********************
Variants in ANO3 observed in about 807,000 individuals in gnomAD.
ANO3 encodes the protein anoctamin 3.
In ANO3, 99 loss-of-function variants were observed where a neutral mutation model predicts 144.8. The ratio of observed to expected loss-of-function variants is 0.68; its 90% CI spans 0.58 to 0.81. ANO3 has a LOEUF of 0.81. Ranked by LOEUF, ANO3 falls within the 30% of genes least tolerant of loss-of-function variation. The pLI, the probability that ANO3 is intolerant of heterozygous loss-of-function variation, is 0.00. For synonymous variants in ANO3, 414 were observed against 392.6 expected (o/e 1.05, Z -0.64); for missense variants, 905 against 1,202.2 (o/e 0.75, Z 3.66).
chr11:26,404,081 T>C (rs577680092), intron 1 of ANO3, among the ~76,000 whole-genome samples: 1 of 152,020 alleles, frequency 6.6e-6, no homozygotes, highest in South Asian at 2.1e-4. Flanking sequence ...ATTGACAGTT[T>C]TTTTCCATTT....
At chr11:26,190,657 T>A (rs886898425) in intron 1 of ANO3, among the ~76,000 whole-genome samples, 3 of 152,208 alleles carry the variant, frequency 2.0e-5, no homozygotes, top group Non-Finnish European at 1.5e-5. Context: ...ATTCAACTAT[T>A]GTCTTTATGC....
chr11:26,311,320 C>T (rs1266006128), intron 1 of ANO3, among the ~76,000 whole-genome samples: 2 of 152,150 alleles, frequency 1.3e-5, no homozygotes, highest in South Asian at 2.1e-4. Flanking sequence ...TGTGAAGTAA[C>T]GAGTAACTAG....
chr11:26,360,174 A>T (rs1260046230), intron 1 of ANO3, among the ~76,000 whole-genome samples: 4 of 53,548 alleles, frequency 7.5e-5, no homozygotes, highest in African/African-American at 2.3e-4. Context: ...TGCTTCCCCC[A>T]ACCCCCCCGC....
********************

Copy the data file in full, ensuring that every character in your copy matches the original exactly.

Variants in ANO3 observed in about 807,000 individuals in gnomAD.
ANO3 encodes the protein anoctamin 3.
In ANO3, 99 loss-of-function variants were observed where a neutral mutation model predicts 144.8. The ratio of observed to expected loss-of-function variants is 0.68; its 90% CI spans 0.58 to 0.81. ANO3 has a LOEUF of 0.81. Ranked by LOEUF, ANO3 falls within the 30% of genes least tolerant of loss-of-function variation. The pLI, the probability that ANO3 is intolerant of heterozygous loss-of-function variation, is 0.00. For synonymous variants in ANO3, 414 were observed against 392.6 expected (o/e 1.05, Z -0.64); for missense variants, 905 against 1,202.2 (o/e 0.75, Z 3.66).
chr11:26,404,081 T>C (rs577680092), intron 1 of ANO3, among the ~76,000 whole-genome samples: 1 of 152,020 alleles, frequency 6.6e-6, no homozygotes, highest in South Asian at 2.1e-4. Flanking sequence ...ATTGACAGTT[T>C]TTTTCCATTT....
At chr11:26,190,657 T>A (rs886898425) in intron 1 of ANO3, among the ~76,000 whole-genome samples, 3 of 152,208 alleles carry the variant, frequency 2.0e-5, no homozygotes, top group Non-Finnish European at 1.5e-5. Context: ...ATTCAACTAT[T>A]GTCTTTATGC....
chr11:26,311,320 C>T (rs1266006128), intron 1 of ANO3, among the ~76,000 whole-genome samples: 2 of 152,150 alleles, frequency 1.3e-5, no homozygotes, highest in South Asian at 2.1e-4. Flanking sequence ...TGTGAAGTAA[C>T]GAGTAACTAG....
chr11:26,360,174 A>T (rs1260046230), intron 1 of ANO3, among the ~76,000 whole-genome samples: 4 of 53,548 alleles, frequency 7.5e-5, no homozygotes, highest in African/African-American at 2.3e-4. Context: ...TGCTTCCCCC[A>T]ACCCCCCCGC....